A Scriptural Litany

LORD, WHO ARE YOU? THE NAMES OF CHRIST. By Jorge Cardinal Medina Estévez (Ignatius Press, PO Box 1339, Ft. Collins, Co., 80522, 2004) 157 pp. PB $11.95.

Cardinal Medina Estévez devotes over thirty brief but insightful chapters to the names given to Jesus Christ in the Old and New Testaments, discussing the attributes associated with each of these divine appellations. Resembling in format the traditional litanies prayed in honor of Christ and his saints, Lord Who Are You? represents a unique “scriptural litany.” As such, this easy-to-read work offers rich opportunities for meditation and learning.

Former Prefect for the Congregation of Divine Worship, Cardinal Medina Estévez covers names well known to Christians—Bread of Life, Bridegroom, Messiah, King, Lamb and Redeemer. In addition, the unique relationship of the Catholic Church, as the Mystical Body of Christ, to the inspired Word of God is clearly profiled in scriptural identifiers such as Apostle, Bishop, and Son of Mary.

Lord, Who Are You? coverThough not primarily a work of apologetics, Lord Who Are You? is—by the biblical nature of its spirituality—an unambiguous statement of the essentials of the faith. Cardinal Medina Estévez takes quite literally Christ’s teachings on the Eucharist, the priesthood and the primacy of Peter, to name just a few of the things which “reformers” both old and new tend to overlook. At the same time, his judicious and thoughtful treatment of the Bible should dispel the obscurantist stereotypes often associated with Catholicism.

For example, “the priesthood of Christ is absolutely unique.” Hence, there are no “successors” of Christ in the way that there are “successors” of Peter and the apostles. Rather, “in each sacramental act, the visible minister is no more than an instrument of the invisible High Priest, Jesus Christ.” Yet just as the coming of the Messiah represents the fulfillment of Hebrew prophecy, so the sacerdotal nature of the Church founded on Pentecost represents the full realization of “the priesthood of Christ… according to the order of Melchizedek.” In other words, there is more than a theological continuity between the Jewish and the Christian Church. There is also a physical and sacramental one.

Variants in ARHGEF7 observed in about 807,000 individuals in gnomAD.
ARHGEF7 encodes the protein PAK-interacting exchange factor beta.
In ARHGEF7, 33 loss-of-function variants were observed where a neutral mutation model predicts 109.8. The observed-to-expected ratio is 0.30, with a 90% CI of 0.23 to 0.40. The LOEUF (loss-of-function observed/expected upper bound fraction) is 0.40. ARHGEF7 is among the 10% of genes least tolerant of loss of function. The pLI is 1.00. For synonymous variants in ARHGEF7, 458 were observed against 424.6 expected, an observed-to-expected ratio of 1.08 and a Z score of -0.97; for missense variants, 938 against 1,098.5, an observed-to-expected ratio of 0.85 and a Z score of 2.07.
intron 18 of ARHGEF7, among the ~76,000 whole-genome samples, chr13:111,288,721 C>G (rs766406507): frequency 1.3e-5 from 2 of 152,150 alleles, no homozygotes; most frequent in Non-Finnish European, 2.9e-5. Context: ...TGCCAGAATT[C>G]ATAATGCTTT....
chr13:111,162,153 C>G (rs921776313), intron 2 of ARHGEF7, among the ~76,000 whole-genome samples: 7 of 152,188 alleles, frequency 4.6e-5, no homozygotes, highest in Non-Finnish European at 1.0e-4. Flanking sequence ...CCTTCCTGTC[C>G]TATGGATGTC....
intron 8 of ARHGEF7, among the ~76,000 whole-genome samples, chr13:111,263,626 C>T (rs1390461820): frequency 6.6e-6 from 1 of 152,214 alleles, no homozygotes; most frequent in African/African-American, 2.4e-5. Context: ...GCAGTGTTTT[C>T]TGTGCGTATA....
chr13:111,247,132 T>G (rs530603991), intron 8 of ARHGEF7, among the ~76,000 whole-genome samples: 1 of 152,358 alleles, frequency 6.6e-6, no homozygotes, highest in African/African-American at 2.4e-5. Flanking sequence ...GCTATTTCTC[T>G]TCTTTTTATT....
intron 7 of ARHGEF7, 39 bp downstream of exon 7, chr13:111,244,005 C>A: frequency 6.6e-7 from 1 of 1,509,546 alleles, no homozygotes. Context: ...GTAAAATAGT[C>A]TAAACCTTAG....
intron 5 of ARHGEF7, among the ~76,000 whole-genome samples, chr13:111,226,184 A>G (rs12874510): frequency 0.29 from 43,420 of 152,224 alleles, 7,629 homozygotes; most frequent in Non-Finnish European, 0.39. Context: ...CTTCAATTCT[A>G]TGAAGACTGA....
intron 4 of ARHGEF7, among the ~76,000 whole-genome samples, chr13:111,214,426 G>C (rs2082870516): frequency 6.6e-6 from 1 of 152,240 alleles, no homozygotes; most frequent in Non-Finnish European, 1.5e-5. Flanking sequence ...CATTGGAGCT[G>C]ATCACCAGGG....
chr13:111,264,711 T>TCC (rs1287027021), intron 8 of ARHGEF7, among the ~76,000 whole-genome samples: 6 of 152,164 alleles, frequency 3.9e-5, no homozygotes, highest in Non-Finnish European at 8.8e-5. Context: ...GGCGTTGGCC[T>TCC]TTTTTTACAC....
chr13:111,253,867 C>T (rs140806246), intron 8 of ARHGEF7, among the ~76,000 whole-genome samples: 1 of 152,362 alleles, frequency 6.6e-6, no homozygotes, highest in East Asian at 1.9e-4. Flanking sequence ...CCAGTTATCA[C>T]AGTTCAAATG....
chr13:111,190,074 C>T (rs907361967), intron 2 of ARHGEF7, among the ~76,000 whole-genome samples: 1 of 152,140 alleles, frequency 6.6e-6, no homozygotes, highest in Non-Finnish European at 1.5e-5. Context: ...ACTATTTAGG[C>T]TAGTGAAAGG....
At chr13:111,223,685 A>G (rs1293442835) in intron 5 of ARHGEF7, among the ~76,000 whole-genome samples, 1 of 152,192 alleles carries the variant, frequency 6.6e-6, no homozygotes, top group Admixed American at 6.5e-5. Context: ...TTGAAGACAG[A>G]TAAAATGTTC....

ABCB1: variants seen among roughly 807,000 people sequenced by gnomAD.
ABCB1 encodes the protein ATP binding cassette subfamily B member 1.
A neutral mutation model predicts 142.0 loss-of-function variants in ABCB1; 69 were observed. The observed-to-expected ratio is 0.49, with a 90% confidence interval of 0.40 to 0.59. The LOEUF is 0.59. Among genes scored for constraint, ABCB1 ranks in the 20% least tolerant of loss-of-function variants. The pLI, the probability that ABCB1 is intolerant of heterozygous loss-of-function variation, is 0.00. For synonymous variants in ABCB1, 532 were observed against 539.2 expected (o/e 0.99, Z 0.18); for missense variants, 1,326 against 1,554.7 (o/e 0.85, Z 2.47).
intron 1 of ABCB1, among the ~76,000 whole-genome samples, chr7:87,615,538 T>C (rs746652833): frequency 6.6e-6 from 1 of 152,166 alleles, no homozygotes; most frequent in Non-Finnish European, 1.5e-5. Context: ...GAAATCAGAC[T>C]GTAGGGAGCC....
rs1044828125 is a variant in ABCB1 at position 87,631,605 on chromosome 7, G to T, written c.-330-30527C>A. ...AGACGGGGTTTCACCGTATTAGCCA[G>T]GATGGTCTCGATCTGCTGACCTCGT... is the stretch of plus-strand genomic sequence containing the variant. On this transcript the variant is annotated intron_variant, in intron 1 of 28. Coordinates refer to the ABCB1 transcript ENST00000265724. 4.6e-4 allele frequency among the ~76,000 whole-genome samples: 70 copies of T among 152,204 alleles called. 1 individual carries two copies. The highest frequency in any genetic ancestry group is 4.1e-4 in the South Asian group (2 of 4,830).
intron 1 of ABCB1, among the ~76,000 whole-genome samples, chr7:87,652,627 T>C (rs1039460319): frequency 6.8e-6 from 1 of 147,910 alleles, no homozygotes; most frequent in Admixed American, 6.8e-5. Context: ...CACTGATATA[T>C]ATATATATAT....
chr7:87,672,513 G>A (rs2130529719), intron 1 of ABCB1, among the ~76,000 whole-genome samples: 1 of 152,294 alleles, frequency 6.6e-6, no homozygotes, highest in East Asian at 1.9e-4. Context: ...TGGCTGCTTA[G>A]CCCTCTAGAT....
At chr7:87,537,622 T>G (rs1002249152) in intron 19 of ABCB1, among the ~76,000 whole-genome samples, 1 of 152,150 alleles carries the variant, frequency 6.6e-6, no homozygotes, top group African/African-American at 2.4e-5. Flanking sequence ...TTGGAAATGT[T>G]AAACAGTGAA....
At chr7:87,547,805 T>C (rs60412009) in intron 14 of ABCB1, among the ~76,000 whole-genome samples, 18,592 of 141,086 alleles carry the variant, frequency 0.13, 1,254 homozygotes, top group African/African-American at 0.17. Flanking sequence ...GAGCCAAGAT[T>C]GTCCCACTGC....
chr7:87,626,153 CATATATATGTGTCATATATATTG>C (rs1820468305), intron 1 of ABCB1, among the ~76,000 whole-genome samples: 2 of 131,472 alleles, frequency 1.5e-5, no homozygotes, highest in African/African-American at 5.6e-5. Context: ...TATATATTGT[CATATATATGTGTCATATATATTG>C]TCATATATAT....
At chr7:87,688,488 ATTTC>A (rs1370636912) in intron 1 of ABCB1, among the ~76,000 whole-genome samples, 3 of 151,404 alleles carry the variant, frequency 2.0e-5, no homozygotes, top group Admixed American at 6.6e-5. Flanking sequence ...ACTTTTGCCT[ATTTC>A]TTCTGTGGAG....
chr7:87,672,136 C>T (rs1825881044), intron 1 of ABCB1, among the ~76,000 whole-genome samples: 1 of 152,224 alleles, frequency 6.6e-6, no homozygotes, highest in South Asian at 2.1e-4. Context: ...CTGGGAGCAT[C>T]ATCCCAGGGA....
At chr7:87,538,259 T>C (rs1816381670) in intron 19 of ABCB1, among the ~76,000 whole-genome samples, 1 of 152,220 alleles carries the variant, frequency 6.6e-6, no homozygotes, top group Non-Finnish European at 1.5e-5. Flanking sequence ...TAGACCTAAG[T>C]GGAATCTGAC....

If there is some truth to the old canard that “Catholics don’t know the Bible,” Cardinal Medina Estévez makes it clear that plenty of non-Catholics betray their scriptural illiteracy by taking the words of the Bible out of their proper historical and religious context. For example, he points to the undeniable hierarchical character of the early Church. The author discusses the importance of the name of “bishop” (episcopum)—derived from the Greek word episkopon—which means “overseer” or “guardian.” It is a term applied first and foremost to Christ, “the Shepherd and Guardian of your souls” (1 Pet. 2:25). But, as the Cardinal’s book shows very well, it is a name employed extensively in the Apostolic Church, as seen in the Acts and in the Epistles of St. Paul, with reference to those ministers granted the full charism of priestly powers by Christ—initially to his chief disciples, and thereafter to their successors.

This is a work rich in spiritual possibilities, and it encourages readers to plumb more deeply into the Word of God.

Matthew M. Anger
Chester, Va.

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